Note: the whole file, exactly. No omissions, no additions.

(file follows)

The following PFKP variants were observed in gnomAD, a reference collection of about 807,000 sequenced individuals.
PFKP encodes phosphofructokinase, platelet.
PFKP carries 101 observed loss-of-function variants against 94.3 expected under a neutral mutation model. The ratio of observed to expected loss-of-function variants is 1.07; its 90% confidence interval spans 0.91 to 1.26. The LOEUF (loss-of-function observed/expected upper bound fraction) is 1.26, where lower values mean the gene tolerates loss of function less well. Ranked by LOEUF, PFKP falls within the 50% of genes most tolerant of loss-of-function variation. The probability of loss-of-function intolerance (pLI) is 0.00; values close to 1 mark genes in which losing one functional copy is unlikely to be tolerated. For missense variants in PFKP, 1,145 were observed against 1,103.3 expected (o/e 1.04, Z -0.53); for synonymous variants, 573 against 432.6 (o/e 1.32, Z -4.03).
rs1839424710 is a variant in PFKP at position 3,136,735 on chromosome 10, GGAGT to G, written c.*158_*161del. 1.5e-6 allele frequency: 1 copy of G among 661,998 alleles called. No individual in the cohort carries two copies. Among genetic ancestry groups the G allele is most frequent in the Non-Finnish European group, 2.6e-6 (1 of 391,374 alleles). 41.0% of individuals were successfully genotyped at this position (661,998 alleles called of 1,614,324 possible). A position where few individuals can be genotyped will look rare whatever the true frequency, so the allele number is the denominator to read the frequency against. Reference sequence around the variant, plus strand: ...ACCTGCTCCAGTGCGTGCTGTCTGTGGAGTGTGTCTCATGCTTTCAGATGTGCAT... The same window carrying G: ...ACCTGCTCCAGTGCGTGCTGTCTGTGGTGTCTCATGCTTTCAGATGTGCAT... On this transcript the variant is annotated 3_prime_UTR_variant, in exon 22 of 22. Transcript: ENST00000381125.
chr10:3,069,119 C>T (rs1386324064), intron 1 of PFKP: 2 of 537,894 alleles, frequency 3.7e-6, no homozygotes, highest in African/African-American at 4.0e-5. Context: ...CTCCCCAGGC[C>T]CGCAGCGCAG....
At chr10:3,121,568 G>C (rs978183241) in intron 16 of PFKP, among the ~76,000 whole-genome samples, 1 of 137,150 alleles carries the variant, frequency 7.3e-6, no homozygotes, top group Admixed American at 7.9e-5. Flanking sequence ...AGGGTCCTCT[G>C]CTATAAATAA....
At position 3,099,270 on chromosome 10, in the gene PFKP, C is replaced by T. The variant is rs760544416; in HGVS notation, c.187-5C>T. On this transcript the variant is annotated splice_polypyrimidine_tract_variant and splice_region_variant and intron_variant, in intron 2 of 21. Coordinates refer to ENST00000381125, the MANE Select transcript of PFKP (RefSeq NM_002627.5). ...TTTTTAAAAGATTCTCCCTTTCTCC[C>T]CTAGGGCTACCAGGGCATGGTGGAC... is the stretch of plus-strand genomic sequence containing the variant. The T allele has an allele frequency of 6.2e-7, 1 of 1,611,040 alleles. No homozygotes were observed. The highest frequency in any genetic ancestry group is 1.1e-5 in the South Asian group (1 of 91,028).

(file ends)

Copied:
The following PFKP variants were observed in gnomAD, a reference collection of about 807,000 sequenced individuals.
PFKP encodes phosphofructokinase, platelet.
PFKP carries 101 observed loss-of-function variants against 94.3 expected under a neutral mutation model. The ratio of observed to expected loss-of-function variants is 1.07; its 90% confidence interval spans 0.91 to 1.26. The LOEUF (loss-of-function observed/expected upper bound fraction) is 1.26, where lower values mean the gene tolerates loss of function less well. Ranked by LOEUF, PFKP falls within the 50% of genes most tolerant of loss-of-function variation. The probability of loss-of-function intolerance (pLI) is 0.00; values close to 1 mark genes in which losing one functional copy is unlikely to be tolerated. For missense variants in PFKP, 1,145 were observed against 1,103.3 expected (o/e 1.04, Z -0.53); for synonymous variants, 573 against 432.6 (o/e 1.32, Z -4.03).
rs1839424710 is a variant in PFKP at position 3,136,735 on chromosome 10, GGAGT to G, written c.*158_*161del. 1.5e-6 allele frequency: 1 copy of G among 661,998 alleles called. No individual in the cohort carries two copies. Among genetic ancestry groups the G allele is most frequent in the Non-Finnish European group, 2.6e-6 (1 of 391,374 alleles). 41.0% of individuals were successfully genotyped at this position (661,998 alleles called of 1,614,324 possible). A position where few individuals can be genotyped will look rare whatever the true frequency, so the allele number is the denominator to read the frequency against. Reference sequence around the variant, plus strand: ...ACCTGCTCCAGTGCGTGCTGTCTGTGGAGTGTGTCTCATGCTTTCAGATGTGCAT... The same window carrying G: ...ACCTGCTCCAGTGCGTGCTGTCTGTGGTGTCTCATGCTTTCAGATGTGCAT... On this transcript the variant is annotated 3_prime_UTR_variant, in exon 22 of 22. Transcript: ENST00000381125.
chr10:3,069,119 C>T (rs1386324064), intron 1 of PFKP: 2 of 537,894 alleles, frequency 3.7e-6, no homozygotes, highest in African/African-American at 4.0e-5. Context: ...CTCCCCAGGC[C>T]CGCAGCGCAG....
At chr10:3,121,568 G>C (rs978183241) in intron 16 of PFKP, among the ~76,000 whole-genome samples, 1 of 137,150 alleles carries the variant, frequency 7.3e-6, no homozygotes, top group Admixed American at 7.9e-5. Flanking sequence ...AGGGTCCTCT[G>C]CTATAAATAA....
At position 3,099,270 on chromosome 10, in the gene PFKP, C is replaced by T. The variant is rs760544416; in HGVS notation, c.187-5C>T. On this transcript the variant is annotated splice_polypyrimidine_tract_variant and splice_region_variant and intron_variant, in intron 2 of 21. Coordinates refer to ENST00000381125, the MANE Select transcript of PFKP (RefSeq NM_002627.5). ...TTTTTAAAAGATTCTCCCTTTCTCC[C>T]CTAGGGCTACCAGGGCATGGTGGAC... is the stretch of plus-strand genomic sequence containing the variant. The T allele has an allele frequency of 6.2e-7, 1 of 1,611,040 alleles. No homozygotes were observed. The highest frequency in any genetic ancestry group is 1.1e-5 in the South Asian group (1 of 91,028).